BAKER — The Baker School Board on Tuesday night approved measures designed to continue reducing costs in the district, including possible staff cuts, in response to declining student enrollment.
Superintendent Herman Brister said after the meeting that he’s happy with the progress that has been made in addressing budget concerns but added that “we are still not where we need to be.”
The School Board unanimously approved a measure allowing a reduction in force for all job categories within the school system, if needed.
“The fundamental statement here is ‘if needed,’” Brister said. He said the system will make every possible to avoid staff cutbacks.
Enrollment in the district’s five schools is currently at 1,390, but the budget for the 2016-2017 school year will be based on 1,350 students, in case the numbers decline, he said.
In October 2015, there were 1,459 students enrolled in Baker schools.
Earlier in the year, Brister, who became superintendent last May, laid off 20 employees, including both teachers and support staff and eliminated 31 vacant positions as well as instituting other cost-saving measures.
Because of the belt-tightening during 2015-2016, some money will be able to be rolled into the 2016-17 budget, Brister said.
Still, there likely will be some decrease in the school district’s funding in the 2016-17 school year, either from state Minimum Foundation Program money, which is awarded based on student enrollment, or other sources of funding, he said.
He declined to provide specific numbers but added that more budget information should be available at the next board meeting.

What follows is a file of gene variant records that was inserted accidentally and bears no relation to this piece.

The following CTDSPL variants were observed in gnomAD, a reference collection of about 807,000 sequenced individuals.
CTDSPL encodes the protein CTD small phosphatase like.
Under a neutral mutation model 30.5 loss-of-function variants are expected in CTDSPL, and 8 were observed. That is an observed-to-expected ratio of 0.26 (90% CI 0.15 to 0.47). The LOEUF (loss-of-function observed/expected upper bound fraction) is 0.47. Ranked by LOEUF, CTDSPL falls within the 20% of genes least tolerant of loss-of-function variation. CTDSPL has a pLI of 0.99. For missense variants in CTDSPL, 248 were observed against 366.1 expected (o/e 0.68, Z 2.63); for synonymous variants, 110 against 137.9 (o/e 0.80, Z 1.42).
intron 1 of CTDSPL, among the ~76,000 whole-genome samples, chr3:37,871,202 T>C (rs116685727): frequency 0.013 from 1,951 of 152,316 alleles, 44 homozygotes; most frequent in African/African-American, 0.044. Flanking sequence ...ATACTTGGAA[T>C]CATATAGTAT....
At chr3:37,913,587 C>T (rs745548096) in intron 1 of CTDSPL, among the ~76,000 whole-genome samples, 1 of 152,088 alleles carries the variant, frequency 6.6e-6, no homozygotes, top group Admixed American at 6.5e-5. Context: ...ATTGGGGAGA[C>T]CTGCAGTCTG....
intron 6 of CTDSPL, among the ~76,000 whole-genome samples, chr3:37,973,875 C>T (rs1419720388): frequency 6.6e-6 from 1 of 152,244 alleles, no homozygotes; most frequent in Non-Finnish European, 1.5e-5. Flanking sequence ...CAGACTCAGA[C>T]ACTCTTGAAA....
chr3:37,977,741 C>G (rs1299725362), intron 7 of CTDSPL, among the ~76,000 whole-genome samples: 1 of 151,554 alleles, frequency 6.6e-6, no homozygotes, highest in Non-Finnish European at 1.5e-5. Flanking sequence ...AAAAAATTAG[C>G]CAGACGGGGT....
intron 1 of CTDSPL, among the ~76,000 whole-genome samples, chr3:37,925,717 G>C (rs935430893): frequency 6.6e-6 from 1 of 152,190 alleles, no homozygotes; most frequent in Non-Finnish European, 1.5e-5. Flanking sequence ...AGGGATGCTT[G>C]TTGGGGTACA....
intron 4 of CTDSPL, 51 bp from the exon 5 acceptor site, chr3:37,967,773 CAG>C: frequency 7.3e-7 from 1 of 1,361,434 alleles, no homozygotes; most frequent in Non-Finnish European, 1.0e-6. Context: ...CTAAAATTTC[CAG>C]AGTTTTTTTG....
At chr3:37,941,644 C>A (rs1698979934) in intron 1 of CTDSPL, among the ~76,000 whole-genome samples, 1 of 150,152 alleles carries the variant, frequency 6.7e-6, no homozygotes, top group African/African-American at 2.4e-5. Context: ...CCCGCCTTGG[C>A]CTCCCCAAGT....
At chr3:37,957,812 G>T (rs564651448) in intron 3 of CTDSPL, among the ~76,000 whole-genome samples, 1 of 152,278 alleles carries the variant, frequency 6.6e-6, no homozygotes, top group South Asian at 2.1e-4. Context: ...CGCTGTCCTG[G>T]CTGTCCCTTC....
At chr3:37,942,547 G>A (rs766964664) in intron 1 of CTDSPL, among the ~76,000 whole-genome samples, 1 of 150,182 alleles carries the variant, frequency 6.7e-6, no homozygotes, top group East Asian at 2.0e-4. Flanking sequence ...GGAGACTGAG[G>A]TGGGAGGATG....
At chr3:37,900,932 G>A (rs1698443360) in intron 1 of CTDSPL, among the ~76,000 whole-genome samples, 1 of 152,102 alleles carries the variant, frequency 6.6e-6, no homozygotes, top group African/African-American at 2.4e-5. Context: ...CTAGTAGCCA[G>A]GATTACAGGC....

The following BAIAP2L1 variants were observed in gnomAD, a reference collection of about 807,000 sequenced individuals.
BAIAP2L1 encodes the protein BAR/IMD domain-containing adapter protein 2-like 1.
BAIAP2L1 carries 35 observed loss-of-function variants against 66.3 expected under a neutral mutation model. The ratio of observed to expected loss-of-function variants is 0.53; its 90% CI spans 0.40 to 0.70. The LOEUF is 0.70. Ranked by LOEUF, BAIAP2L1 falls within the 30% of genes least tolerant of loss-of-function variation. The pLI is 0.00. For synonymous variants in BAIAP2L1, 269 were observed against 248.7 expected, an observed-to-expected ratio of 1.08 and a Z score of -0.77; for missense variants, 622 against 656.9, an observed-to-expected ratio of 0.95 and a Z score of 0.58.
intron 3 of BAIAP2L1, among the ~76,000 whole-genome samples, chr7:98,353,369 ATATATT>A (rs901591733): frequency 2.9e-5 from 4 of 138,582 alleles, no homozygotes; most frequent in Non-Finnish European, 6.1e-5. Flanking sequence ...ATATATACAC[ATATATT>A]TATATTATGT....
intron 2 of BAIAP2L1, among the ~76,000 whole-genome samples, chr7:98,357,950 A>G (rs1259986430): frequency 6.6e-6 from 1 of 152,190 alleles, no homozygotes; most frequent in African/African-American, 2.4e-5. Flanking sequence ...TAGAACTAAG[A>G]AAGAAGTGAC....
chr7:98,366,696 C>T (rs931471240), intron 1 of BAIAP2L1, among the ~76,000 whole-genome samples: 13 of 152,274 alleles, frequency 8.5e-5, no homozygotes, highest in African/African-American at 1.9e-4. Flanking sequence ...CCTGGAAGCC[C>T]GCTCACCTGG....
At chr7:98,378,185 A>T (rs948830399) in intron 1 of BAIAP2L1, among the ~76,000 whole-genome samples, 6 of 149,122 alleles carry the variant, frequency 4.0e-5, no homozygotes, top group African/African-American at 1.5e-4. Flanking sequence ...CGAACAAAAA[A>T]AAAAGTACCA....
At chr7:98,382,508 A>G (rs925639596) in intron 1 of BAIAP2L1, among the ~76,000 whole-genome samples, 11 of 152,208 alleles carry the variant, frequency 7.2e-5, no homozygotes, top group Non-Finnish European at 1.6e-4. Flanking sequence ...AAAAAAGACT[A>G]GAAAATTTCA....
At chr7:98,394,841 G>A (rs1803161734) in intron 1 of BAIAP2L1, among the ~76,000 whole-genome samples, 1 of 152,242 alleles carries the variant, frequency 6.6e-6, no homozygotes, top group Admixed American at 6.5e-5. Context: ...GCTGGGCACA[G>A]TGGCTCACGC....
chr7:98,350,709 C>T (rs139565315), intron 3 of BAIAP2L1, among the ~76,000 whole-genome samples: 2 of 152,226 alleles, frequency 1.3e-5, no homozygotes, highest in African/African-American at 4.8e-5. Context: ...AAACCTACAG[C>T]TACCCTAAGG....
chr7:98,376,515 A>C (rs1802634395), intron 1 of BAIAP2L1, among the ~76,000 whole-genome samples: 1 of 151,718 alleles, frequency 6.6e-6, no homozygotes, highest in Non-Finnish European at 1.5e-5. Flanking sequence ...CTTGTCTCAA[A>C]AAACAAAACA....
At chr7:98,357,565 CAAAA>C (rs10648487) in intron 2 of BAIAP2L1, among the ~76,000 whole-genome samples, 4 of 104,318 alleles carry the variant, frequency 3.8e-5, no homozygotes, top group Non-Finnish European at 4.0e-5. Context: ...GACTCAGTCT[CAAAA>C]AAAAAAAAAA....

The district’s budget for the 2015-16 school year as presented to the board in August was $14.7 million in expenditures and $14.9 million in revenues.
The district is working to increase enrollment by advertising its offerings, Brister said, including a billboard on La. 19 advertising the pre-K program and one soon to be put up on Plank Road highlighting programs at Baker High.
In another attempt to save money, the board unanimously approved a four day work week for staff employed during the summer, something many school districts do, Brister said.
The board also discussed a proposal to reduce the percentage of employee health insurance premiums paid by the district, but tabled it for further study.
Despite budget worries, Brister announced that all employees will receive one-time pay supplements in May. The state awarded the district $80,000, which was earmarked for staff supplements.
The district added $12,000, to bring the total to $92,000, which will be divided among the school system’s 179 employees.